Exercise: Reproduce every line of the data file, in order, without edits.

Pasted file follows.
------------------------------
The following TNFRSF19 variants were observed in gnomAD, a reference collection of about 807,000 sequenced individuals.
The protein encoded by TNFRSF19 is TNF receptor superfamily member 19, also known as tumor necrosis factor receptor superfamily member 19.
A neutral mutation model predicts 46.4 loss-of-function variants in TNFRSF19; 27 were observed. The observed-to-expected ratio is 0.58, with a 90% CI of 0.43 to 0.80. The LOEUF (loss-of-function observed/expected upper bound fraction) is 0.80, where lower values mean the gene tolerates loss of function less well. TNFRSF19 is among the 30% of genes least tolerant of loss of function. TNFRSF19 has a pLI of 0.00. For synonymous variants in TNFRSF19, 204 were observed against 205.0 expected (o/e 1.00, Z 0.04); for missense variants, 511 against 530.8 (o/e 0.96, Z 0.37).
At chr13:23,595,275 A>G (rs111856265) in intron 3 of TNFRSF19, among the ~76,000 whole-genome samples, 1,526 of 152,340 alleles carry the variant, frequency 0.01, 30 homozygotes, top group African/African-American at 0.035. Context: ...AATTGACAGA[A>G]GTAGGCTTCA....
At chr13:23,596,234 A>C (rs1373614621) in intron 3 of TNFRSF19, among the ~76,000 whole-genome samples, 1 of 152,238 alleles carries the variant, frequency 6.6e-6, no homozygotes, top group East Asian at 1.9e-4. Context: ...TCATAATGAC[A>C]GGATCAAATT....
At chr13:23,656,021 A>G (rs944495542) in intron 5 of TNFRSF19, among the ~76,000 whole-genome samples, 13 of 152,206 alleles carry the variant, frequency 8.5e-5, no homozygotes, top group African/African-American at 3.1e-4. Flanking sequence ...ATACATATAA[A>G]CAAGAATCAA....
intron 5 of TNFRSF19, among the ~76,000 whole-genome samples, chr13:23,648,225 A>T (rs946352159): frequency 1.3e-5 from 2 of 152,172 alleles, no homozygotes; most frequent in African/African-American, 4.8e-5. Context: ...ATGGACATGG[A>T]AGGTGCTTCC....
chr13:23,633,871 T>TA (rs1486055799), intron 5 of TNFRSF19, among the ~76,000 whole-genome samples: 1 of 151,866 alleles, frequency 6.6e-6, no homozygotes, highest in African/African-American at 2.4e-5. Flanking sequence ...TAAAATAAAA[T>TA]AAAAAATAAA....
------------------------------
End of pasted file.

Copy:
The following TNFRSF19 variants were observed in gnomAD, a reference collection of about 807,000 sequenced individuals.
The protein encoded by TNFRSF19 is TNF receptor superfamily member 19, also known as tumor necrosis factor receptor superfamily member 19.
A neutral mutation model predicts 46.4 loss-of-function variants in TNFRSF19; 27 were observed. The observed-to-expected ratio is 0.58, with a 90% CI of 0.43 to 0.80. The LOEUF (loss-of-function observed/expected upper bound fraction) is 0.80, where lower values mean the gene tolerates loss of function less well. TNFRSF19 is among the 30% of genes least tolerant of loss of function. TNFRSF19 has a pLI of 0.00. For synonymous variants in TNFRSF19, 204 were observed against 205.0 expected (o/e 1.00, Z 0.04); for missense variants, 511 against 530.8 (o/e 0.96, Z 0.37).
At chr13:23,595,275 A>G (rs111856265) in intron 3 of TNFRSF19, among the ~76,000 whole-genome samples, 1,526 of 152,340 alleles carry the variant, frequency 0.01, 30 homozygotes, top group African/African-American at 0.035. Context: ...AATTGACAGA[A>G]GTAGGCTTCA....
At chr13:23,596,234 A>C (rs1373614621) in intron 3 of TNFRSF19, among the ~76,000 whole-genome samples, 1 of 152,238 alleles carries the variant, frequency 6.6e-6, no homozygotes, top group East Asian at 1.9e-4. Context: ...TCATAATGAC[A>C]GGATCAAATT....
At chr13:23,656,021 A>G (rs944495542) in intron 5 of TNFRSF19, among the ~76,000 whole-genome samples, 13 of 152,206 alleles carry the variant, frequency 8.5e-5, no homozygotes, top group African/African-American at 3.1e-4. Flanking sequence ...ATACATATAA[A>G]CAAGAATCAA....
intron 5 of TNFRSF19, among the ~76,000 whole-genome samples, chr13:23,648,225 A>T (rs946352159): frequency 1.3e-5 from 2 of 152,172 alleles, no homozygotes; most frequent in African/African-American, 4.8e-5. Context: ...ATGGACATGG[A>T]AGGTGCTTCC....
chr13:23,633,871 T>TA (rs1486055799), intron 5 of TNFRSF19, among the ~76,000 whole-genome samples: 1 of 151,866 alleles, frequency 6.6e-6, no homozygotes, highest in African/African-American at 2.4e-5. Flanking sequence ...TAAAATAAAA[T>TA]AAAAAATAAA....